Renewed tensions among Southern Baptists are causing some leaders to re-examine the relationships between Baptist state conventions and the universities they have supported.
In Georgia, Alabama, and Arkansas, Southern Baptist state convention leaders have focused their attention on local universities, in part prompted by new questions about university trustee independence and academic freedom.
In Georgia, two committees of the state convention are studying the relationship with Mercer University and the school's president, R. Kirby Godsey, after publication of Godsey's recent book, When We Talk About God … Let's Be Honest (Smyth & Helwys). Mercer, with 7,000 students on its Macon campus, ranks second in size after Baylor among Baptist-affiliated universities.
Godsey's critics in part fault his book for its view of Scripture and the seemingly universalist doctrine of salvation. In addition, Godsey writes of Jesus, "This historical person to be followed was soon changed by his followers into a divine figure to be worshiped. This transformation is largely a mistake." And he calls the Virgin Birth "more truth than fact."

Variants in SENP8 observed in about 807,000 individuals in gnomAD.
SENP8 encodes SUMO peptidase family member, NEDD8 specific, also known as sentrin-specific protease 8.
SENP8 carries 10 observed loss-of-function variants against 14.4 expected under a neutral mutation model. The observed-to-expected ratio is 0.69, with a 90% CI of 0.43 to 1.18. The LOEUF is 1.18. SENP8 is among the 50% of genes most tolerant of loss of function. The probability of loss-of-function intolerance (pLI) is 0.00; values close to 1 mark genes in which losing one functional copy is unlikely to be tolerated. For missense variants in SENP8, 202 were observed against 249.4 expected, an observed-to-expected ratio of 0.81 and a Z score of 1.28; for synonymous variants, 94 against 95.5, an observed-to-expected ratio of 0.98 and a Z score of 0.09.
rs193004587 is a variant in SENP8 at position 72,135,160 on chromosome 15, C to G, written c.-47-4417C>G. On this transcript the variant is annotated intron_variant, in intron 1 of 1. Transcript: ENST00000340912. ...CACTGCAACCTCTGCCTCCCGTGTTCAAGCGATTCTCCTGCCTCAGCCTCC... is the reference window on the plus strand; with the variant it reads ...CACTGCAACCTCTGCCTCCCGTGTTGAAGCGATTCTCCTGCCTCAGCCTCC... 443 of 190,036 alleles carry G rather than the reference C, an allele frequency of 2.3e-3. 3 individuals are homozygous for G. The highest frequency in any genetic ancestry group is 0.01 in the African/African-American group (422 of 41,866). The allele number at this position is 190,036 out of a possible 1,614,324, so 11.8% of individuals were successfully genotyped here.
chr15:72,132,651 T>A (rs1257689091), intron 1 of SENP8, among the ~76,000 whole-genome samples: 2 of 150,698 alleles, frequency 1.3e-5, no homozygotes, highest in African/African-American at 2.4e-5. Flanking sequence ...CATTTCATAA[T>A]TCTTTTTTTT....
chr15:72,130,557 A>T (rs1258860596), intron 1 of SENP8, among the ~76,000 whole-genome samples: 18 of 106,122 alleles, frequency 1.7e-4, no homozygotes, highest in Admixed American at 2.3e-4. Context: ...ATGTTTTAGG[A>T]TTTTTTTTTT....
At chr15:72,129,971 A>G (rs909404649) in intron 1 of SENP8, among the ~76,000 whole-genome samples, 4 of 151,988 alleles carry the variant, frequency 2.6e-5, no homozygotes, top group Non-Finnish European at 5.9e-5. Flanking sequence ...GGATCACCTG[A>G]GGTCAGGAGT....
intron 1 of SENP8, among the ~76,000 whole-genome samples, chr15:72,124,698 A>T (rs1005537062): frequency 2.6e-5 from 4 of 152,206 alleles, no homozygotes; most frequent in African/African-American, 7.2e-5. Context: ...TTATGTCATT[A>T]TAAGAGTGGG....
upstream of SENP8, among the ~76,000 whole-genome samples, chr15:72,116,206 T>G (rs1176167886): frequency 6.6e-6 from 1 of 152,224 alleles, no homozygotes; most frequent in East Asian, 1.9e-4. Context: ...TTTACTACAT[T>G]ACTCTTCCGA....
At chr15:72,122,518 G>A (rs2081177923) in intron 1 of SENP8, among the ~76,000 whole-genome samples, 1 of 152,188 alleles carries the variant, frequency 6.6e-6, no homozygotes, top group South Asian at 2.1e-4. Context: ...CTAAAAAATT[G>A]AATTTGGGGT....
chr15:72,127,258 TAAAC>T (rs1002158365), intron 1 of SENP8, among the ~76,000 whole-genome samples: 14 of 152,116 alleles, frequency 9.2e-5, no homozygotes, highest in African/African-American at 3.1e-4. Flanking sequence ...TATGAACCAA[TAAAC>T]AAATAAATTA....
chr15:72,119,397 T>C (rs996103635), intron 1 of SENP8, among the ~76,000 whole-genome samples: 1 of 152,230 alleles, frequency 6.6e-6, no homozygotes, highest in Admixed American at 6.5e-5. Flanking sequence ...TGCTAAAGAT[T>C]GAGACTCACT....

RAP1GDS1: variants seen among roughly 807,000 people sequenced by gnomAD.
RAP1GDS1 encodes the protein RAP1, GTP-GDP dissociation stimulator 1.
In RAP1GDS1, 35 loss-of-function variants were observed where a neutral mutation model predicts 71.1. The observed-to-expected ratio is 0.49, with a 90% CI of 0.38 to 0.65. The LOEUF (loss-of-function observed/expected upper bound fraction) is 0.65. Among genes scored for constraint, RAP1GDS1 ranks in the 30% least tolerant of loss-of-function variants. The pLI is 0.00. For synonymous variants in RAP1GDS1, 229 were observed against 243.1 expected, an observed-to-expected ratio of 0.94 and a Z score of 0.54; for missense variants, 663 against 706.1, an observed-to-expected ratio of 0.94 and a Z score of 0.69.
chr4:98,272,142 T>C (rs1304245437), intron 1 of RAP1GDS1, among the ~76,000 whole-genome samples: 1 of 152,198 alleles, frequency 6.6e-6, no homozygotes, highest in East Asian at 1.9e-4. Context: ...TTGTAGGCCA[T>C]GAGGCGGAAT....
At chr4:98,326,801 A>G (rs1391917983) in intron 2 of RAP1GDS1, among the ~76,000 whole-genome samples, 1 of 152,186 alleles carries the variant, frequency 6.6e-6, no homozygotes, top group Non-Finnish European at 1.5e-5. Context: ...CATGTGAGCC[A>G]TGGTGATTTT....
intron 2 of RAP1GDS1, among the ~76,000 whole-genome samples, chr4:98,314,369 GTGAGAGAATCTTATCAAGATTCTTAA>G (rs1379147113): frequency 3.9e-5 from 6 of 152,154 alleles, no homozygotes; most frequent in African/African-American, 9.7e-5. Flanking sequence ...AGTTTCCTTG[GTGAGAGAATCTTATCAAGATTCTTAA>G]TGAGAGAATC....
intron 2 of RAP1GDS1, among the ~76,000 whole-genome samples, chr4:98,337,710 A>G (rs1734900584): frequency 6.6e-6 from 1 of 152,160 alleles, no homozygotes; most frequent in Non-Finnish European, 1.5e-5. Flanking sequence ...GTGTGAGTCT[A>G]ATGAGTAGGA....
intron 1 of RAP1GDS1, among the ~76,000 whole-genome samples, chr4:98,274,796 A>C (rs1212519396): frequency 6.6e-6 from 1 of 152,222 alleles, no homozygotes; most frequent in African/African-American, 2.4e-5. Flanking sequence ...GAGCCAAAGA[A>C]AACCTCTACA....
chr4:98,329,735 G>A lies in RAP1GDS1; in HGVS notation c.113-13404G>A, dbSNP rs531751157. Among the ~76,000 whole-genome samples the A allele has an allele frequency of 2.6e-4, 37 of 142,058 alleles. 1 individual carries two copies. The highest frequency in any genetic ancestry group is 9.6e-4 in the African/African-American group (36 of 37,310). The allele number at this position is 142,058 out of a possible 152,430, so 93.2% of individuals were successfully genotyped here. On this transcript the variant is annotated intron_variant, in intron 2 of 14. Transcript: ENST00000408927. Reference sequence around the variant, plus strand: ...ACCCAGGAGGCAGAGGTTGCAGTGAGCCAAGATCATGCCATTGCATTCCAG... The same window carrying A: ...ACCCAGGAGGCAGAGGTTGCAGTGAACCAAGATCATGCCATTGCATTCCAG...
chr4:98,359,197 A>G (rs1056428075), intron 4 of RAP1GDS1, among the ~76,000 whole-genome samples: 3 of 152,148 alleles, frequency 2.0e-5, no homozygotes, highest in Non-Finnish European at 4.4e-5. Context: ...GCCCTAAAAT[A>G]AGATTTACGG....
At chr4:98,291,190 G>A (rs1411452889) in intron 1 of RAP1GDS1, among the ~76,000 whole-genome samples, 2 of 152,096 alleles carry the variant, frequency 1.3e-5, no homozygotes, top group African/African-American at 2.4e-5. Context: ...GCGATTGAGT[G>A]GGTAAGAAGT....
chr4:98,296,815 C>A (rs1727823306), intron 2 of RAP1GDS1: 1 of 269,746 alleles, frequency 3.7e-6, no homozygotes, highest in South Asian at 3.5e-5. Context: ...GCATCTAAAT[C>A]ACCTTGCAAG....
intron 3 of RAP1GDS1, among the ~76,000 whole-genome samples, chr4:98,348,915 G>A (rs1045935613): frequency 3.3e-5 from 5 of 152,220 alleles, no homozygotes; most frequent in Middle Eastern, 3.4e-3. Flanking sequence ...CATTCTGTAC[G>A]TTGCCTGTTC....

In spite of the controversy, Mercer's 45-member board of trustees, elected by the state convention, granted Godsey a vote of confidence in December. However, Frank Cox, president of the Georgia Baptist Convention, says, "The theology that is espoused in [Godsey's] book is out of the mainstream boundaries of Southern Baptist doctrine." The Georgia convention, meeting in November, asked Godsey to reconsider his beliefs.
During an interview with CHRISTIANITY TODAY, Godsey claimed he does not espouse "classical universalism."
"I hope and believe that God's grace will ultimately prevail, but it obviously depends ...1